The most accepted hypothesis is that the balance of the microbiota of the vaginal content of women in fertile age is primarily established by hormonal mechanisms, mainly due to the “estrogen effect”. According to the results of this research, the use of COCP associated to retain normal microbiota and was able to decrease the frequency of bacterial vaginosis. This may be due to the hormonal contribution of COCP, which, although it is an “external” factor, it represents direct regulator of the hormonal mechanism and, therefore, emphasizes the hypothesis of the estrogen effect on the frequency of vaginal dysfunction. Similar results were described in a few recent studies which have reported only the effect of hormones [5] -[7] . Vodstrcil et al. mentioned the protective influence of exogenous steroid hormones on the vaginal content [5] . These authors described that more than 50% of women with recurrent bacterial vaginosis in spite of receiving treatment with first-line antibiotics showed a significant improvement in the recurrence of this vaginal dysfunction upon receiving hormonal contraception [5] . It should be noted that this mechanism of protection, which has been shown both for endogenous and exogenous sex hormones, perform its effect on the vaginal mucosa through the cell receptors. These receptors stimulate the multiplication of the epithelium and thus ensure a good concentration of glycogen in intermediate cells, allowing the survival of lactobacilli and maintenance of a protective pH [10] . Estrogen stimulation produces a pre- dominance of cells of the surface layer, whereas progesterone stimulation produces a predominance of cells of the intermediate layer [11] . This determines the lysis of the latter, which generates glycogen and nourishes lactobacilli [12] [13] . In addition, recent studies have documented an important activity of proton pumping (by an H+-ATPase) in the apical membrane of the cells of the vaginal and cervical epithelium stimulated by estrogen, which decreases at menopause with the consequent increase in vaginal pH [14] . However, it should be highlighted, according to the results of this research, the use of COCP predisposed the colonization by yeasts in healthy women, since after three months we detected an increase in the vaginal content with yeasts but with BVS I, as described by other authors [2] [6] [7] . However, it cannot be ruled out that this colonization represents a predisposing factor for recurrent vulvo-vaginitis.

In this study, we observed that patients who used IUD showed a tendency to have an imbalanced vaginal microbiota. However, it is necessary to increase the number of cases to confirm these findings, since the use of IUD is an effective method in conditions where other contraceptives may not be used (e.g. smoking, migraine,

Table 4. Distribution of trichomonas associated with the basic vaginal states (BVSs) according to the contraceptive method used.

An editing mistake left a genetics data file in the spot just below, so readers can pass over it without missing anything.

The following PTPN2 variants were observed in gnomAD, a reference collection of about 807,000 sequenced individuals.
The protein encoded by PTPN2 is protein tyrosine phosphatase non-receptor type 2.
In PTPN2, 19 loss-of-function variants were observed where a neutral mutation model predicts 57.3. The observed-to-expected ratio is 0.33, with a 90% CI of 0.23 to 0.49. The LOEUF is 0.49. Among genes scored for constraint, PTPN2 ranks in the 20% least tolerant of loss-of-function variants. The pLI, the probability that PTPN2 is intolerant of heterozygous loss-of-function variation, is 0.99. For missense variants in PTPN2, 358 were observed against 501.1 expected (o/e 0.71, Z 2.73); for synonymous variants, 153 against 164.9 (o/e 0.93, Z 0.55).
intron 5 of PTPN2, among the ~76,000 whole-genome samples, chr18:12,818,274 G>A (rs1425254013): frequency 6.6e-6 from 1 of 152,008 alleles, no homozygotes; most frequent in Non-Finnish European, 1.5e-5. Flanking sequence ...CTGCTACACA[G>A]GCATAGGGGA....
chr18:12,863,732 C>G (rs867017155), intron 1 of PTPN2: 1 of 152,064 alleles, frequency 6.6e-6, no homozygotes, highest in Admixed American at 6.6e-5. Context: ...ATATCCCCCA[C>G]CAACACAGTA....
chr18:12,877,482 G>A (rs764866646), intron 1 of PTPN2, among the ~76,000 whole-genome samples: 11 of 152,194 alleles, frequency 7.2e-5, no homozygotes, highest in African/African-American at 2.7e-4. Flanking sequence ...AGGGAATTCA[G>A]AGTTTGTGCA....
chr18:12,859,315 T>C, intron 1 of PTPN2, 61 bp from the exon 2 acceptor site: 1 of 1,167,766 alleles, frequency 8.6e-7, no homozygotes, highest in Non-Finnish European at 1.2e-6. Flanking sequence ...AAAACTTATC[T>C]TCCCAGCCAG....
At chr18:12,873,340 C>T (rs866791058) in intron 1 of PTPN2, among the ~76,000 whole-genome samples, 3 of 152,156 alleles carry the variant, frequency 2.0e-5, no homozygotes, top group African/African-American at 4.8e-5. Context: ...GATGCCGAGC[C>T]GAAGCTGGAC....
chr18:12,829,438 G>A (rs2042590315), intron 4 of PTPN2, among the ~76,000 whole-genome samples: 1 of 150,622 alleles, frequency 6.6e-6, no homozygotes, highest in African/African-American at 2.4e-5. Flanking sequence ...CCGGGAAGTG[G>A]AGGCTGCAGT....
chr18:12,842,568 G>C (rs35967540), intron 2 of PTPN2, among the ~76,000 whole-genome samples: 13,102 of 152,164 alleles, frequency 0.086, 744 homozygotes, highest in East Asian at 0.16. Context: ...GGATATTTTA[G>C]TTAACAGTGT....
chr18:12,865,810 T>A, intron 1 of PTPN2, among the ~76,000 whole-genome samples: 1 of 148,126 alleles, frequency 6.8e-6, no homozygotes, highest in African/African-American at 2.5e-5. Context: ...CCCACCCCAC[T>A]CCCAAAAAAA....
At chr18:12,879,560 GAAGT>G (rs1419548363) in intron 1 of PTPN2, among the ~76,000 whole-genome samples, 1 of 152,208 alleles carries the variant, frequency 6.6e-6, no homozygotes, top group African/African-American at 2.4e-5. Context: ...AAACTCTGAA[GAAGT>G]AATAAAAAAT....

COCP: combined oral contraceptive (levonorgestrel-ethinylestradiol); IUD: intrauterine device; CON: condom; RYTH: rhythm method; COCP + CON: double simultaneous protection; *Persistence of the parasite; **Patient excluded from the study.

thrombosis, hypertension, etc.). Gupta et al. described similar findings and reported that barrier methods alter the vaginal content since they represent a foreign body for long periods of time [6] . However, there is still no accurate explanation of their effect on the vaginal microbiota. Tessa Madden et al. showed that the incidence of bacterial vaginosis is higher in IUD users than in women using other methods and detected a positive association with two mediators: the irregular vaginal bleeding and an intermediate vaginal microbiota (BVS III) present at implantation of the device [15] .

In this study, the use of male condoms, a method chosen mainly by the security offered both contraception and sexually transmitted infections, was associated with an increase in the vaginal content with VIR. These results are consistent with previous reports that have shown the presence of vaginal dermatitis, allergic and irritant vulvo-vaginitis and inflammation associated with the use of condoms, due to the influence of either the latex or the spermicides (nonoxynol-9) [16] . A non-keratinized vulvar mucosa and the moisture in which it is immersed predispose the penetration of irritants and allergens, which generates states of vaginitis with VIR [17] [18] .

Finally, we cannot conclude about the influence of the rhythm method and double protection on the BVSs due to the low number of cases. The rhythm method, which is based on the recognition of the signs and symptoms associated with physiological fertility and infertility periods and the use of the infertile periods for sexual activity, is currently one of the least chosen methods. There is thus few knowledge about its influence on the vaginal microbiota.

5. Conclusion

Considering similar characteristics of the population of this study, we conclude that the use of COCP as a contraceptive method retains the normal BVS I and corrects the vaginal dysfunction. These results indicate that it is necesary to continue this study with a greater number of cases to confirm the imbalance of the microbiota and the inflammatory reaction detected with the use of IUD and condom respectively.